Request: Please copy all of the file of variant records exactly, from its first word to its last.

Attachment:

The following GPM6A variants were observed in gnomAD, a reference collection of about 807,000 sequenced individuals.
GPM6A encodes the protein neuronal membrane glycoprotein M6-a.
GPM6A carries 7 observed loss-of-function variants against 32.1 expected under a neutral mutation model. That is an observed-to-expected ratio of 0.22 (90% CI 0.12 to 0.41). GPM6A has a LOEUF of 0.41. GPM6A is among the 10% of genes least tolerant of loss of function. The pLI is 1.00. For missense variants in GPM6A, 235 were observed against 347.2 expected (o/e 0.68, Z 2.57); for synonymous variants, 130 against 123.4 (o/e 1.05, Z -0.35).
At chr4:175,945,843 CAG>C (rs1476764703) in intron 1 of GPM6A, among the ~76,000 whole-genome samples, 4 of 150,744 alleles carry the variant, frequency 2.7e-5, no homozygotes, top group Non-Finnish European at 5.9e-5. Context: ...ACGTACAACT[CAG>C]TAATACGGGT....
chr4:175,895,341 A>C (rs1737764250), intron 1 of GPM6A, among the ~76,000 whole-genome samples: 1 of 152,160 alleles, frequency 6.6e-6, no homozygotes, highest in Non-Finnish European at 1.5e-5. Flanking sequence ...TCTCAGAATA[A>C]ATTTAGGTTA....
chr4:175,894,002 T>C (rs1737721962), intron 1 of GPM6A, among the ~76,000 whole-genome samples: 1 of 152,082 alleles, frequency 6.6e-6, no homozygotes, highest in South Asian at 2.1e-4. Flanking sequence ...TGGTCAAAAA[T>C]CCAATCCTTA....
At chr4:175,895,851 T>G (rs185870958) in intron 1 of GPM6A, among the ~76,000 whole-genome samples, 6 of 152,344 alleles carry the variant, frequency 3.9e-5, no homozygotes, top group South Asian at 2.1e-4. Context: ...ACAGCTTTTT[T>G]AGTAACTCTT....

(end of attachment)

The following GPM6A variants were observed in gnomAD, a reference collection of about 807,000 sequenced individuals.
GPM6A encodes the protein neuronal membrane glycoprotein M6-a.
GPM6A carries 7 observed loss-of-function variants against 32.1 expected under a neutral mutation model. That is an observed-to-expected ratio of 0.22 (90% CI 0.12 to 0.41). GPM6A has a LOEUF of 0.41. GPM6A is among the 10% of genes least tolerant of loss of function. The pLI is 1.00. For missense variants in GPM6A, 235 were observed against 347.2 expected (o/e 0.68, Z 2.57); for synonymous variants, 130 against 123.4 (o/e 1.05, Z -0.35).
At chr4:175,945,843 CAG>C (rs1476764703) in intron 1 of GPM6A, among the ~76,000 whole-genome samples, 4 of 150,744 alleles carry the variant, frequency 2.7e-5, no homozygotes, top group Non-Finnish European at 5.9e-5. Context: ...ACGTACAACT[CAG>C]TAATACGGGT....
chr4:175,895,341 A>C (rs1737764250), intron 1 of GPM6A, among the ~76,000 whole-genome samples: 1 of 152,160 alleles, frequency 6.6e-6, no homozygotes, highest in Non-Finnish European at 1.5e-5. Flanking sequence ...TCTCAGAATA[A>C]ATTTAGGTTA....
chr4:175,894,002 T>C (rs1737721962), intron 1 of GPM6A, among the ~76,000 whole-genome samples: 1 of 152,082 alleles, frequency 6.6e-6, no homozygotes, highest in South Asian at 2.1e-4. Flanking sequence ...TGGTCAAAAA[T>C]CCAATCCTTA....
At chr4:175,895,851 T>G (rs185870958) in intron 1 of GPM6A, among the ~76,000 whole-genome samples, 6 of 152,344 alleles carry the variant, frequency 3.9e-5, no homozygotes, top group South Asian at 2.1e-4. Context: ...ACAGCTTTTT[T>G]AGTAACTCTT....